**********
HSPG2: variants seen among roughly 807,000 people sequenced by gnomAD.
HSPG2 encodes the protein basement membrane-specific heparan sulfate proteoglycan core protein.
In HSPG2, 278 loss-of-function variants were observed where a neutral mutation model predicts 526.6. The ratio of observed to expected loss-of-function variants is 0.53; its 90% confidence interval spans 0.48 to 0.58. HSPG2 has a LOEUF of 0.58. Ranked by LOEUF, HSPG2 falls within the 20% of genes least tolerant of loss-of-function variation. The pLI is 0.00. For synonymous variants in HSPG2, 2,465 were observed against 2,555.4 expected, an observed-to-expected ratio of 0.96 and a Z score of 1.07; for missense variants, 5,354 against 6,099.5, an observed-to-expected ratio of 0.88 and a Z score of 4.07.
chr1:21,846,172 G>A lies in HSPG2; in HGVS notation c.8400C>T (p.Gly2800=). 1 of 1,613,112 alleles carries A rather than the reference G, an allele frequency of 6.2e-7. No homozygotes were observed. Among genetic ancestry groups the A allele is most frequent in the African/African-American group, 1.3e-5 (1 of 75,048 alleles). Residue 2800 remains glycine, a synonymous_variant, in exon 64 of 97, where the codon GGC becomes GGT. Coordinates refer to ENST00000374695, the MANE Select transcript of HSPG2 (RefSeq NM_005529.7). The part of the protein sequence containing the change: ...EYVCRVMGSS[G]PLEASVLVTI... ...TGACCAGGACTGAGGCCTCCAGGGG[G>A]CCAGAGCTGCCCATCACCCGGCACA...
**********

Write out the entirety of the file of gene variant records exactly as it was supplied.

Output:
HSPG2: variants seen among roughly 807,000 people sequenced by gnomAD.
HSPG2 encodes the protein basement membrane-specific heparan sulfate proteoglycan core protein.
In HSPG2, 278 loss-of-function variants were observed where a neutral mutation model predicts 526.6. The ratio of observed to expected loss-of-function variants is 0.53; its 90% confidence interval spans 0.48 to 0.58. HSPG2 has a LOEUF of 0.58. Ranked by LOEUF, HSPG2 falls within the 20% of genes least tolerant of loss-of-function variation. The pLI is 0.00. For synonymous variants in HSPG2, 2,465 were observed against 2,555.4 expected, an observed-to-expected ratio of 0.96 and a Z score of 1.07; for missense variants, 5,354 against 6,099.5, an observed-to-expected ratio of 0.88 and a Z score of 4.07.
chr1:21,846,172 G>A lies in HSPG2; in HGVS notation c.8400C>T (p.Gly2800=). 1 of 1,613,112 alleles carries A rather than the reference G, an allele frequency of 6.2e-7. No homozygotes were observed. Among genetic ancestry groups the A allele is most frequent in the African/African-American group, 1.3e-5 (1 of 75,048 alleles). Residue 2800 remains glycine, a synonymous_variant, in exon 64 of 97, where the codon GGC becomes GGT. Coordinates refer to ENST00000374695, the MANE Select transcript of HSPG2 (RefSeq NM_005529.7). The part of the protein sequence containing the change: ...EYVCRVMGSS[G]PLEASVLVTI... ...TGACCAGGACTGAGGCCTCCAGGGG[G>A]CCAGAGCTGCCCATCACCCGGCACA...